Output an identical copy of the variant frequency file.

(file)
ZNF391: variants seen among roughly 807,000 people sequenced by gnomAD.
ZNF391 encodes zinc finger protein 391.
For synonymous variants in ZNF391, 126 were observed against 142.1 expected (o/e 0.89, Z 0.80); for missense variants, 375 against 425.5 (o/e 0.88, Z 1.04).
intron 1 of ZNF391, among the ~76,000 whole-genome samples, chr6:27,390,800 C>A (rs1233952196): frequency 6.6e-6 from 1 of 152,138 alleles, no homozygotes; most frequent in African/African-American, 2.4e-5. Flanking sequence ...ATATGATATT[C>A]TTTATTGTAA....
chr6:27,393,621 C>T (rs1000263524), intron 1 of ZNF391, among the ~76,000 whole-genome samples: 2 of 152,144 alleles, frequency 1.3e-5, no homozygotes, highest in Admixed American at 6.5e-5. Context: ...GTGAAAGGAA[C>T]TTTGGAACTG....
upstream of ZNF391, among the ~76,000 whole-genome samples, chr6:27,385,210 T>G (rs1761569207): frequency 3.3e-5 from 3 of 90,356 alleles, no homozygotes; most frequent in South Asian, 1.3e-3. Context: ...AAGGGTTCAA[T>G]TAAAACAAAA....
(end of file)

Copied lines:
ZNF391: variants seen among roughly 807,000 people sequenced by gnomAD.
ZNF391 encodes zinc finger protein 391.
For synonymous variants in ZNF391, 126 were observed against 142.1 expected (o/e 0.89, Z 0.80); for missense variants, 375 against 425.5 (o/e 0.88, Z 1.04).
intron 1 of ZNF391, among the ~76,000 whole-genome samples, chr6:27,390,800 C>A (rs1233952196): frequency 6.6e-6 from 1 of 152,138 alleles, no homozygotes; most frequent in African/African-American, 2.4e-5. Flanking sequence ...ATATGATATT[C>A]TTTATTGTAA....
chr6:27,393,621 C>T (rs1000263524), intron 1 of ZNF391, among the ~76,000 whole-genome samples: 2 of 152,144 alleles, frequency 1.3e-5, no homozygotes, highest in Admixed American at 6.5e-5. Context: ...GTGAAAGGAA[C>T]TTTGGAACTG....
upstream of ZNF391, among the ~76,000 whole-genome samples, chr6:27,385,210 T>G (rs1761569207): frequency 3.3e-5 from 3 of 90,356 alleles, no homozygotes; most frequent in South Asian, 1.3e-3. Context: ...AAGGGTTCAA[T>G]TAAAACAAAA....